Q. I work in a professional office and we have customers coming through all the time. The office manager does a good job making sure the place looks presentable, but we have one guy whose office is a dump. There are piles everywhere, reports stacked behind his desk, newspapers from who knows how long ago, water bottles and dead plants. When I have customers come through, I close his door; I don’t even ask any more. What will it take for management to talk to him?
A. What it typically takes for management to get involved is knowing about a situation and seeing the negative impact it has on the business or colleagues. Office managers everywhere welcome the help in maintaining a professional environment – and not just the common space.
But not every situation needs to be left up to management. Your colleague may not be aware of just how bad the situation is or what the mess communicates to your customers; the professionalism of his work, or the quality of your organization. Try discussing the issue with him on a day there are no customer visits. You might say, “We have customers coming through all the time. I’d like to have them meet you, but I don’t want to bring them into your office. It’s kind of out of control. Do you think there is away for you to keep it looking more pulled together on a regular basis?”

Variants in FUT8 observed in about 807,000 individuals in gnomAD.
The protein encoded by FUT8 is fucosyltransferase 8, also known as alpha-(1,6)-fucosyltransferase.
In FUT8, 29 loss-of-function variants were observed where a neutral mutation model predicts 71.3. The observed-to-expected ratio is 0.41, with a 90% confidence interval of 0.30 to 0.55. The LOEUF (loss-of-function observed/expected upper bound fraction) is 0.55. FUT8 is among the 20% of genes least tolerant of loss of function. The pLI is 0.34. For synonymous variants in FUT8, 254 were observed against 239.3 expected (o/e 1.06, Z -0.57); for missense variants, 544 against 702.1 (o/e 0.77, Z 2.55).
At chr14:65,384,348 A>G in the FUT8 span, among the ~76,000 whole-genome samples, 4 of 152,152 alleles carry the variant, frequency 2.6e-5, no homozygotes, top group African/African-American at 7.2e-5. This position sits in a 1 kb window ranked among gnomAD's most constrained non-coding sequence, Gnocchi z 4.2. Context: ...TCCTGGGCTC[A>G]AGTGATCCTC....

Don’t name call, or try to embarrass him. Just present the issue and see how he responds. If he doesn’t see the mess, you’ll have to be more direct. You might say, “The stacks of papers, empty bottles and dead plants don’t present you or us in the best possible light. Can we figure out a way to clean up your office and keep it that way? I’d be happy to help – the first time.”
Everyone has a comfortable work style and his environment may not matter to him, or even be enough for him to notice. However, when it starts to impact business and customer perceptions, it is OK for colleagues to get involved.
If this has been a problem before, then I encourage you to discuss this with the office manager, or your own manager to get support.
-Elaine Varelas, Managing Partner, Keystone Partners
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